• Aristotle and Dante Discover the Secrets of the Universe

*I limited myself to books I read for the first time in 2013 because it is generally, though not universally, true that the books I reread are already among my favorites (that’s why I reread them). However, if this list were open to books/series I had read before, it would have to include The Pagan Quartet (Catherine Jinks), A Northern Light, Seraphina, The Raven Boys, and The Queen’s Thief (Megan Whalen Turner).

Happy New Year!

Best wishes for a fantastic and fulfilling 2014!

Here is a highly selective overview of what I did in 2013 (pie is heavily featured):

In January, I baked a galette des rois for Epiphany, visited UC Santa Barbara, and went to the St. Paul Winter Carnival, where my hopes of seeing an ice palace were dashed.

No ice palace, alas, so this ice sculpture of the St. Paul Cathedral had to do.

No ice palace, alas, so this ice sculpture of the St. Paul Cathedral had to do.

In February, I spent a week in Istanbul with my family. Later in the month, my organization held its annual Day on the Hill at the Minnesota State Capitol, from whence I went straight to the airport to catch a flight to Tucson and the University of Arizona. Also: crêpes for Mardi Gras.

The Yeni Cami (New Mosque) at sunset

The Yeni Cami (New Mosque) at sunset

In March, I returned from a visit to UC San Diego just in time to attend my first Playford Ball.  I also went to open houses at Stanford, UC Santa Cruz, and UCLA. So much flying. Oh, and I baked a pie for Pi Day.

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In April, I went to a singing workshop given by the Georgian ensemble Zedashe and attended a Tim Eriksen concert. I decided on UCLA for grad school and traveled up to the Iron Range for the first time on a work-related trip. It snowed endlessly in Minnesota. Sparkers went on submission on April 30th.

On my way to the bus stop, one fine April morning

On my way to the bus stop, one fine April morning

I spent most of May on submission. I celebrated May Day in Powderhorn Park. On May 14th, I watched Gov. Dayton sign Minnesota’s marriage equality bill into law on the Capitol steps and then went out for ice cream with my housemates at Izzy’s, where we encountered Morris dancers! And then Sparkers sold at the end of the month! May was pretty great.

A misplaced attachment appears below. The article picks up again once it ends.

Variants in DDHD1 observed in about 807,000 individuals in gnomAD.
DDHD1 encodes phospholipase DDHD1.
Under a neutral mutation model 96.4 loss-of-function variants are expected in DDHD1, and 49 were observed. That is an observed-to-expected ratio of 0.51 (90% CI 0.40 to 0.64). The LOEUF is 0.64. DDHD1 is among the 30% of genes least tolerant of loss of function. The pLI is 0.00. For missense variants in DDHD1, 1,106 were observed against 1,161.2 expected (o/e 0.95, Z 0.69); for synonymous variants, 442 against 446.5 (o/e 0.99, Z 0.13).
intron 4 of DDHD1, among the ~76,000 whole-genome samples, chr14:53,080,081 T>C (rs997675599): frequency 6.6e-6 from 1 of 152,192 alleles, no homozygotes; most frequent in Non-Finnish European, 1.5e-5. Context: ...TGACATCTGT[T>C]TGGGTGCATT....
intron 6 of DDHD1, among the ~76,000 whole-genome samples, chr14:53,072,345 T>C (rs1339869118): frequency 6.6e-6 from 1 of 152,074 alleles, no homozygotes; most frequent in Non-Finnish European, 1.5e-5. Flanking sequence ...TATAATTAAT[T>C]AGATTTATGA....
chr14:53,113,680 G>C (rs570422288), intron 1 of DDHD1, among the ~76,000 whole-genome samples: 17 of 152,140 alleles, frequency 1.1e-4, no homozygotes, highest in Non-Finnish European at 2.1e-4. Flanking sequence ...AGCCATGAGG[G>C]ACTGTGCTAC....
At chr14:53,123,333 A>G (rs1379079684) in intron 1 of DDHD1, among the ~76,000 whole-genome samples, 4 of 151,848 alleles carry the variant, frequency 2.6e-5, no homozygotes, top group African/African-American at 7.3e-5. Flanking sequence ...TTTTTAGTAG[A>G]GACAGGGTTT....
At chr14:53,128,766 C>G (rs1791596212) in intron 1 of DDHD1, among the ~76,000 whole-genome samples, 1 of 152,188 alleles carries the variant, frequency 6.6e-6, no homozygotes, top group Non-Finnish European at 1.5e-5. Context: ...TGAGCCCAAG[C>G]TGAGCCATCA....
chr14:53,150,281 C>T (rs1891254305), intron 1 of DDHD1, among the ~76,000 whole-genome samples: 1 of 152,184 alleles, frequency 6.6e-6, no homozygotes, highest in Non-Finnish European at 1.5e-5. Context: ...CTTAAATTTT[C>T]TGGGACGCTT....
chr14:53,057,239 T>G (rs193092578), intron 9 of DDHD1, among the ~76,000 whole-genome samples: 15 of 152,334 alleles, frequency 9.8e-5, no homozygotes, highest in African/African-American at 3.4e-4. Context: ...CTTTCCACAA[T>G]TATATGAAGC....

Minnesota State Capitol, May 14th, 2013

Minnesota State Capitol, May 14th, 2013

In June, I went to the all-night arts festival Northern Spark at the St. Paul Union Depot, where I watched a replica house burn down at 2 a.m.

Gives a new meaning to my title...

Gives a new meaning to my title…

In July, my volunteer year came to an end. I also recorded a short cello part for a friend, who hopes to produce pop-rock songs for a Mainland Chinese audience. Who knows, maybe he’ll become famous in China, and then I’ll be able to say I played the 18-bar cello line in that one song…

I made this rhubarb pie in July

I made this rhubarb pie in July

In August, I brushed up on my phonology and syntax and road tripped to California with my family, stopping at Mesa Verde and the Grand Canyon on the way.

Cliff Palace, Mesa Verde

Cliff Palace, Mesa Verde

In September, I moved into my new apartment in Los Angeles and promptly became a hermit while I worked on Sparkers line edits. I finished just in time to start grad school at UCLA.

Hello Kitty

I do not actually own this creature…

In October, I made a pumpkin pie for the Linguistics Department’s Halloween party. And I listened to the livestream of Osmo Vänskä’s last concert as the conductor of the Minnesota Orchestra

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In November, I started this blog and had a joint birthday party with two other first-years in my program. The day after Thanksgiving, I attended my first high school reunion in Minneapolis.

Joint birthday cake

Joint birthday cake

In December, I finished knitting my second pair of socks ever and baked a chocolate tart for Christmas Eve dinner. And I read a lot of books! What could be better?

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I have high hopes for 2014. Sparkers will come out in the fall. I can’t even really imagine what that’s going to be like, so I’m not going to try. Happy New Year!